Sunday, July 21, 2013

Anthony Bourdain Goes Deeper then Ever Before: Congo

I had been told that the season finale for Anthony Bourdain's new "Parts Unknown" show was probably the best one ever done. Going through an immense personal crisis in my life, I avoided it for a few weeks; even though I knew the other critics were probably right. Even though it is one of my favorite shows, I wrongly thought that he would break bread with some tribes in the bush, and maybe have a few difficulties along the way, like some little river cruise. When the night finally came to watch, I gave it my attention.

The first thing that I did not realize was just how in ruins almost the entire place is. Occupied by Leopold of Belgium and rid of literally hundreds of thousands of it's inhabitants, so much of what used to be there is in farther abyss than we could even perceive in our country. You really have to imagine the most ruined destination you have been through with grass growing all over and just a few old rails and concrete blocks sticking out. Mile after mile.

Anthony points out well here that the land is rich in resources, but has been mismanaged to it's utter breaking point and basically left to rot like a carcass. Flying out of an airport in a very old prop plane that used to be for royalty, they are roughing it way, way more than even the Amazon. This is truly no man's land, and a gift of a bracelet from the 1930's is a highlight of the show. There are parallels here to the Libya episode, but here in the Congo, everything has done happened, left, and there is not even a caboose to watch go away in the distance after you have been ran over. There is just not much left but struggle.

Speaking of cabooses, It is amazing that there are proud people in the Congo that work on failed old railroads and also a library full of moldy volumes. Not being paid at all for God knows how long, they still show up. To see this up close in real life was probably a shock, we know Anthony has seen poverty before, but... this is a desperation of a very pillaged land. From a production standpoint, there are probably times during this episode where the shooting was simple; but most likely not. Libya looked difficult at times too; but this area most likely took the cake.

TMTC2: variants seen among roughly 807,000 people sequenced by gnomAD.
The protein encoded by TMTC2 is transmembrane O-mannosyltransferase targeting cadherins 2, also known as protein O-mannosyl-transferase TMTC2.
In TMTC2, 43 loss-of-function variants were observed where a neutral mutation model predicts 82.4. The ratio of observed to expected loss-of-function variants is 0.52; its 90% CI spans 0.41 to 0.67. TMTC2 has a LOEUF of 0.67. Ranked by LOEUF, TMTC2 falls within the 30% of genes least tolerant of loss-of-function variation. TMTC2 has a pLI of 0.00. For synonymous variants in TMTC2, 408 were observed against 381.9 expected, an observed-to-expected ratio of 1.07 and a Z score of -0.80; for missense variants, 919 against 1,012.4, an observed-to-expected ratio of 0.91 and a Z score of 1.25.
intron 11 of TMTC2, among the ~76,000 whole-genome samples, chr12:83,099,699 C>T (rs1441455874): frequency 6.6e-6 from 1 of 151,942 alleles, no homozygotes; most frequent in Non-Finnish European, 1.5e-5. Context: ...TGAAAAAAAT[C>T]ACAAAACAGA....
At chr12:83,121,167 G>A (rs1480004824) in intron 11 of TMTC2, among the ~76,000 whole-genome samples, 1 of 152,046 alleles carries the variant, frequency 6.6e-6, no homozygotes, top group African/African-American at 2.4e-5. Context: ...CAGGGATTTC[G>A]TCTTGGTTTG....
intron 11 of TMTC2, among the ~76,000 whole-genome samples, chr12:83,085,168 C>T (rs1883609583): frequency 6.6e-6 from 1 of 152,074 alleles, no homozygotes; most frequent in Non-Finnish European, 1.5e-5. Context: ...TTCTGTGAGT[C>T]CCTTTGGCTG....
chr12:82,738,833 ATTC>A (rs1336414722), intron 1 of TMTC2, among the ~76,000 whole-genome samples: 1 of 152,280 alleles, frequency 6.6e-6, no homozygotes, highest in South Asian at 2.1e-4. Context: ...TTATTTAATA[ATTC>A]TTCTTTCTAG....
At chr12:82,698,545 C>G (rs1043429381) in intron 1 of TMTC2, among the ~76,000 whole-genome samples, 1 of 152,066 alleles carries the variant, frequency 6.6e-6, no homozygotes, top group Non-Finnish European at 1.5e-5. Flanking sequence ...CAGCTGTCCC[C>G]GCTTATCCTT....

I think the reason why this was such a grand finale was they way in which Anthony encountered chaos and turbulence. He knew he always wanted to go here, and also knew that when he did it was deemed to be a bit hellish, as the "Heart of Darkness" references insist. And while finally on a boat going down the river, cooking appeared very, very difficult. Most of us here in the states would have given up. In the morning the guide takes some shots of hard liquor, probably a very rough roadie's start when you already are maybe rationing your water.

I had went back to visit the Boston episode of Bourdain and loved it just as much, for the pub culture and commentary. During "The Layover" when he goes to Montreal, there is some incredibly fine dining shown and his usual engaging excellent style. But I think he was really taken aback by this location, beyond primitive; basically destroyed. He is starting to obviously miss his family and things are getting more raw. This Congo episode is really a must see, and sooner the better.

A great one to watch after this would be an older show where he goes back to work a shift in the busy restaurant he got his start in; traveling the globe like he does now did not come overnight, or easily. Knowing everything foodie and beginning to know everything culturally, he will be seen as an authority on globe trotting for a long, long time. He has fallen in love with everything from Venice to Vietnam; and wears his heart on his sleeve for the duration.

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